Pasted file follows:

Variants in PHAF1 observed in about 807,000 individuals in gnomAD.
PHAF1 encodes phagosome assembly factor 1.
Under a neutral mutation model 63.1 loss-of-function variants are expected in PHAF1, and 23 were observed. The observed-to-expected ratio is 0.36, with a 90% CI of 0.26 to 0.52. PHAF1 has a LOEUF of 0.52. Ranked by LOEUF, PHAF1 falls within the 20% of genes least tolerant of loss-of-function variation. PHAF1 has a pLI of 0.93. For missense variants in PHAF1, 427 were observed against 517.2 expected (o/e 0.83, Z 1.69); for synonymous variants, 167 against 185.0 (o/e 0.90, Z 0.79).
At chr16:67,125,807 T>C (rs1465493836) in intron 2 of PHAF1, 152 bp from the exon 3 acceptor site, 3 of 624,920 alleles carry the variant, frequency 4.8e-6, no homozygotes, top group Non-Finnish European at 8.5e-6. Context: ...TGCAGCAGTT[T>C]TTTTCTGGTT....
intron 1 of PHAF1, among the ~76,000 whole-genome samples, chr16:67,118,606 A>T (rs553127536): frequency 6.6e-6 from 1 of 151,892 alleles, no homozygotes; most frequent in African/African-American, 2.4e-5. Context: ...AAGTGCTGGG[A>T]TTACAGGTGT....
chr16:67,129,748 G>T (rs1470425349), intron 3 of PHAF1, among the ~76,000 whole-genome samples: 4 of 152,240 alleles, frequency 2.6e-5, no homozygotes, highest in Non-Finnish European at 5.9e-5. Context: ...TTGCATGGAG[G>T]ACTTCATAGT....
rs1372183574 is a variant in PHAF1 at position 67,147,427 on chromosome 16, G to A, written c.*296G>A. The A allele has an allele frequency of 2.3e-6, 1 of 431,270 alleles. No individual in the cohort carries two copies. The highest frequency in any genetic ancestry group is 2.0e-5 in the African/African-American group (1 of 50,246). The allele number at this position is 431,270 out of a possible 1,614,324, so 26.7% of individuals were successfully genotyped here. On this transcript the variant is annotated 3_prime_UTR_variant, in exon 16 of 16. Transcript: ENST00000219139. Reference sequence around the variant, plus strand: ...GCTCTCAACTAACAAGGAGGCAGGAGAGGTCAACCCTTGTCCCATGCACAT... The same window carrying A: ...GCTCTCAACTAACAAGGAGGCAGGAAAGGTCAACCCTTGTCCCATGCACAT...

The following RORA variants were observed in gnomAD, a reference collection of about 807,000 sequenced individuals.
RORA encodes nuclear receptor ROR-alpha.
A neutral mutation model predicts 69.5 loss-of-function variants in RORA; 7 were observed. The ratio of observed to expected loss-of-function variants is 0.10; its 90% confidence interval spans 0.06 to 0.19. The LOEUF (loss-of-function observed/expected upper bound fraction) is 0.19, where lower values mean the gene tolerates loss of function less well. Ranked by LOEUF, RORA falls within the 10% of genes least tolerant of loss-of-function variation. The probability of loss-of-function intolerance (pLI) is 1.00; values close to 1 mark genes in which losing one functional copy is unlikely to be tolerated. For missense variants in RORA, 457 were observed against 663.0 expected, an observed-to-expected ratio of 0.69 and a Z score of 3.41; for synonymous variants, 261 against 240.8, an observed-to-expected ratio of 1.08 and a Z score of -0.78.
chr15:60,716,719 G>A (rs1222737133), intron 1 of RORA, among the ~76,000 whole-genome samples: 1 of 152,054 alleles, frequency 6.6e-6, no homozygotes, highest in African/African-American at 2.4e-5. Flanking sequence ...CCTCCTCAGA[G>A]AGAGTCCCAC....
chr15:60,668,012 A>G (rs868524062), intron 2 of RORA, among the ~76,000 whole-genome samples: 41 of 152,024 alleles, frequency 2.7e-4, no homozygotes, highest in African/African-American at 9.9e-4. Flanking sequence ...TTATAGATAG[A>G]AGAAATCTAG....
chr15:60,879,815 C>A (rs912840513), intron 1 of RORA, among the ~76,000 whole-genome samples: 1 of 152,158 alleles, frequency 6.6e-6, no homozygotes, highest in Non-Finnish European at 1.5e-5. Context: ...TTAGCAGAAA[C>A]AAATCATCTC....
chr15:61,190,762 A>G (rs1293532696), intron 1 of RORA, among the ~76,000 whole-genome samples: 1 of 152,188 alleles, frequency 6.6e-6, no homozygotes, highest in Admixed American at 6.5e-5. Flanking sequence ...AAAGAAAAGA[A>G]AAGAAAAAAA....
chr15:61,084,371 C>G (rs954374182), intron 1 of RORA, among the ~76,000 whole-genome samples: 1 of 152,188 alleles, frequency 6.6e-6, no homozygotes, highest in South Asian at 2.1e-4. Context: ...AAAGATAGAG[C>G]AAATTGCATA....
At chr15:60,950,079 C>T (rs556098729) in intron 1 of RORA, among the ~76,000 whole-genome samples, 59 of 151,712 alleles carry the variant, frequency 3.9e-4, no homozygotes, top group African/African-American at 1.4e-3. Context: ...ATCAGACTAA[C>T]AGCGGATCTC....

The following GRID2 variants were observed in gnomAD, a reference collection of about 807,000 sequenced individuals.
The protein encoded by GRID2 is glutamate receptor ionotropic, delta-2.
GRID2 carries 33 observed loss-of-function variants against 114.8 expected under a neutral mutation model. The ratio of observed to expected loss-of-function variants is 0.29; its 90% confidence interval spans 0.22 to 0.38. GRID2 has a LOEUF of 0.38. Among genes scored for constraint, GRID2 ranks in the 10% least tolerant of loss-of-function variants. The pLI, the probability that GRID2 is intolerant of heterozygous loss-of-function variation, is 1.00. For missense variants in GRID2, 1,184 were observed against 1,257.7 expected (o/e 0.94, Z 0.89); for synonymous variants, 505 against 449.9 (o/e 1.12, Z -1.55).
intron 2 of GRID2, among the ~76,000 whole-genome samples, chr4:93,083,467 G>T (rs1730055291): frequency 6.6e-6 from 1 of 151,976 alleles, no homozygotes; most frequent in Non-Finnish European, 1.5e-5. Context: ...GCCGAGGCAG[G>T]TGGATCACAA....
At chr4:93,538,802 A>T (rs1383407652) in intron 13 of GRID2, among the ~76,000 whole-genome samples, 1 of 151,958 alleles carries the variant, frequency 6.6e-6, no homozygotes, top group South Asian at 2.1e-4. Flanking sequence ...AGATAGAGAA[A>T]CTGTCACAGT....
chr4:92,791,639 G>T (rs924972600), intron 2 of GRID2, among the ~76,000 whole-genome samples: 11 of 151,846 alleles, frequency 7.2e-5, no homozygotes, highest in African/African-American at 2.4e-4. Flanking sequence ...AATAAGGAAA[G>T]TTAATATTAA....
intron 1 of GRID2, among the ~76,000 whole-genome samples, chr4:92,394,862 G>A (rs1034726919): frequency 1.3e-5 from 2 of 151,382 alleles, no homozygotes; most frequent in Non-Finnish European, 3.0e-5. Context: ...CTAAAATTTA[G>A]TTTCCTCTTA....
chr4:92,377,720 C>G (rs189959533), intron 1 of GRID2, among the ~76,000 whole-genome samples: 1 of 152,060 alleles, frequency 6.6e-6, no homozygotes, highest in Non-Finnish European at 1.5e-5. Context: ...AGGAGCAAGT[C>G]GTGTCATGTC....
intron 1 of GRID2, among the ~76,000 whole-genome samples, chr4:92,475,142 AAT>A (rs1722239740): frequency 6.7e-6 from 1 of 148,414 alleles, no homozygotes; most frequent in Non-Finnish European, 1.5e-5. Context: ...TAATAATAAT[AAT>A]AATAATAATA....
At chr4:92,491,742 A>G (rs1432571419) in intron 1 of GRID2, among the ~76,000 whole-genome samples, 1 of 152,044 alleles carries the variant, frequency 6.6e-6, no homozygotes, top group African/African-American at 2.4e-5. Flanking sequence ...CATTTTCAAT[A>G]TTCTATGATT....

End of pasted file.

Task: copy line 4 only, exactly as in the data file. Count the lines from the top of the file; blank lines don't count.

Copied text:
At chr16:67,125,807 T>C (rs1465493836) in intron 2 of PHAF1, 152 bp from the exon 3 acceptor site, 3 of 624,920 alleles carry the variant, frequency 4.8e-6, no homozygotes, top group Non-Finnish European at 8.5e-6. Context: ...TGCAGCAGTT[T>C]TTTTCTGGTT....